France’s new revolutionaries? Understanding the Gilets jaunes
Since November 2018, when the movement first emerged, hundreds of thousands of yellow vests – gilets jaunes – have protested across France: blocking roads and petrol stations, building barricades and marching through towns. These events were spontaneous, organised on social media and unconnected to any political party or trade union.
Although the protests were initially sparked by a planned rise in fuel tax, they soon came to embody a more general anger with President Macron’s rule, particularly over poor living standards and a lack of say in political life. Although turnout has varied, protesters have turned out week in, week out for over six months.
The gilets jaunes have split opinion in France. To some, they are heroic rebels, taking an important stand against the neoliberal, technocratic order. At the peak of the protests, polls showed over 70 per cent of French people supporting the movement. Now this has dipped below half.
Macron has accused the gilets jaunes of being violent thugs, aligned to the far-right, attacking journalists, Jews and homosexuals. Claims like this have been used to smear them and are used as a pretext for a violent state crackdown on the protests. Every weekend, protesters run the gauntlet of tear gas, police batons and ‘flash-ball’ rubber bullets (which have been banned in every other European country). Hundreds have been injured by police violence, scores have lost limbs and even eyes. And yet, surprisingly, this extraordinary situation, of a democratic, European state at war with its own people, has garnered relatively little international attention, let alone condemnation.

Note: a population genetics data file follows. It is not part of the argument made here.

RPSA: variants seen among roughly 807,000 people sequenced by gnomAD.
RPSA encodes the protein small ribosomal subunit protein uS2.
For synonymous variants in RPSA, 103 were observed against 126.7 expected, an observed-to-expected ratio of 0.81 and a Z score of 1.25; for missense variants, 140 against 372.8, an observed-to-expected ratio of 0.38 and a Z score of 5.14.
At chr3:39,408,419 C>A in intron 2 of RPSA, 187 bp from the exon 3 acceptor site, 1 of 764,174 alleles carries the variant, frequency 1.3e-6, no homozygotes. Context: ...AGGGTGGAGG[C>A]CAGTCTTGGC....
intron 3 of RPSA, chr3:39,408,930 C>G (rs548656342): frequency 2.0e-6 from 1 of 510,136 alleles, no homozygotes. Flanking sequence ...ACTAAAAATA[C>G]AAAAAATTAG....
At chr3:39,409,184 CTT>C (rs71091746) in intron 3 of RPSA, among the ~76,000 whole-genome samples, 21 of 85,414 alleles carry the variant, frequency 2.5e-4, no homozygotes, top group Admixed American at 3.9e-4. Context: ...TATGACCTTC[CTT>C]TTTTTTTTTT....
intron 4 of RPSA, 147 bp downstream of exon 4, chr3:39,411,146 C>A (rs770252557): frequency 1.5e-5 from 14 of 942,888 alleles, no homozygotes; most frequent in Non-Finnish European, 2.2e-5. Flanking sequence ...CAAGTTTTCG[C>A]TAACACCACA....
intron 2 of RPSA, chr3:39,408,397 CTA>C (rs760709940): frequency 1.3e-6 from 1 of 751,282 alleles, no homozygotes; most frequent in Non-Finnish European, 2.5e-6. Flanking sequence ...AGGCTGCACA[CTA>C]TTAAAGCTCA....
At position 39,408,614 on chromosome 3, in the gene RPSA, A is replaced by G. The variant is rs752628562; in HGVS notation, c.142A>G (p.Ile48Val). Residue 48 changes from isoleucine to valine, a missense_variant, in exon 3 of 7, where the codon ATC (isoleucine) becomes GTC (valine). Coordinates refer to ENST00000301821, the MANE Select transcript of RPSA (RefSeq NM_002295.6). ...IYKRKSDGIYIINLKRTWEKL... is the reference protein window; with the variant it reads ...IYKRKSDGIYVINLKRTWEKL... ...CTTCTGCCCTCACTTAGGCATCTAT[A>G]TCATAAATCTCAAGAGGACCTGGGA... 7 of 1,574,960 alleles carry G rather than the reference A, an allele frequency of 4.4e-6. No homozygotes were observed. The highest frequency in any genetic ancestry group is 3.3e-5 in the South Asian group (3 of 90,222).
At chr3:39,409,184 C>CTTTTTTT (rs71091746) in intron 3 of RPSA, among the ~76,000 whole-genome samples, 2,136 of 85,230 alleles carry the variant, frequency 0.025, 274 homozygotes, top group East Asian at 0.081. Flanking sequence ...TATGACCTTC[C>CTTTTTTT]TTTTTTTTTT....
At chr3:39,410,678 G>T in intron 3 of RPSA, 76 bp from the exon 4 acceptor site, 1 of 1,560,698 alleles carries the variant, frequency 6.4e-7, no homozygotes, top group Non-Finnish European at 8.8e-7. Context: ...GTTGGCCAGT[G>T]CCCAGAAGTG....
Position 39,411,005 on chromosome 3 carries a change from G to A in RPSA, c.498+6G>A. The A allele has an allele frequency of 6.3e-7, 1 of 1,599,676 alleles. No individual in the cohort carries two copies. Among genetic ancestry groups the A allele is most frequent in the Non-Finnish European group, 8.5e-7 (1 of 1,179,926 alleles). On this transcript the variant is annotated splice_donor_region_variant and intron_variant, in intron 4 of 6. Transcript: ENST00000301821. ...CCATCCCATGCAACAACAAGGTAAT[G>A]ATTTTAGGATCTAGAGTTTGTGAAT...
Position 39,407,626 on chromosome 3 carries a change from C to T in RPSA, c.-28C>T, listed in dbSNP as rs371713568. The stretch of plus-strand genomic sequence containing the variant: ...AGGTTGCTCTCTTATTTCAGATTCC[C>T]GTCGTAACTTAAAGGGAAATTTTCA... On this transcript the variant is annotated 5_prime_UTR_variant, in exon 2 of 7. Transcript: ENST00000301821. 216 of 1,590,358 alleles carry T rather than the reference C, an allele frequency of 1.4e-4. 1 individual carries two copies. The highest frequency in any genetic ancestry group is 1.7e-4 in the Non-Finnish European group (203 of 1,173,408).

What do the gilets jaunes want? Although they share a common anger with the status quo, without an official leader, party or programme, can we pinpoint exactly what the gilets jaunes are for and what success might look like? They have certainly forced Macron’s government to take notice and even make some major concessions: scrapping the fuel tax, hiking the minimum wage well above inflation and scrapping taxes on bonuses for the low paid. But none of this was enough to quell the uprising.
Who are the gilets jaunes and what are their political beliefs? There is a great deal of crossover, geographically and demographically, in the kinds of people who support the gilets jaunes and those who voted for Marine Le Pen’s National Rally in the European elections. But does that make the protesters ‘far-right’ or even right-of-centre? Or are the National Rally merely a receptacle for popular and populist anger when other parties defend the status quo? Attempts by the National Rally to explicitly co-opt the gilets jaunes have been met with resistance by the movement. Communists and trade unions have also tried to insert themselves into the movement, with only fleeting success.
What are the deeper causes of this uprising? How have divisions between urban and rural, rich and poor, liberal and traditional come to fuel the protesters’ anger? And how do the yellow vests relate to Brexit Britons and Trump’s ‘deplorables’?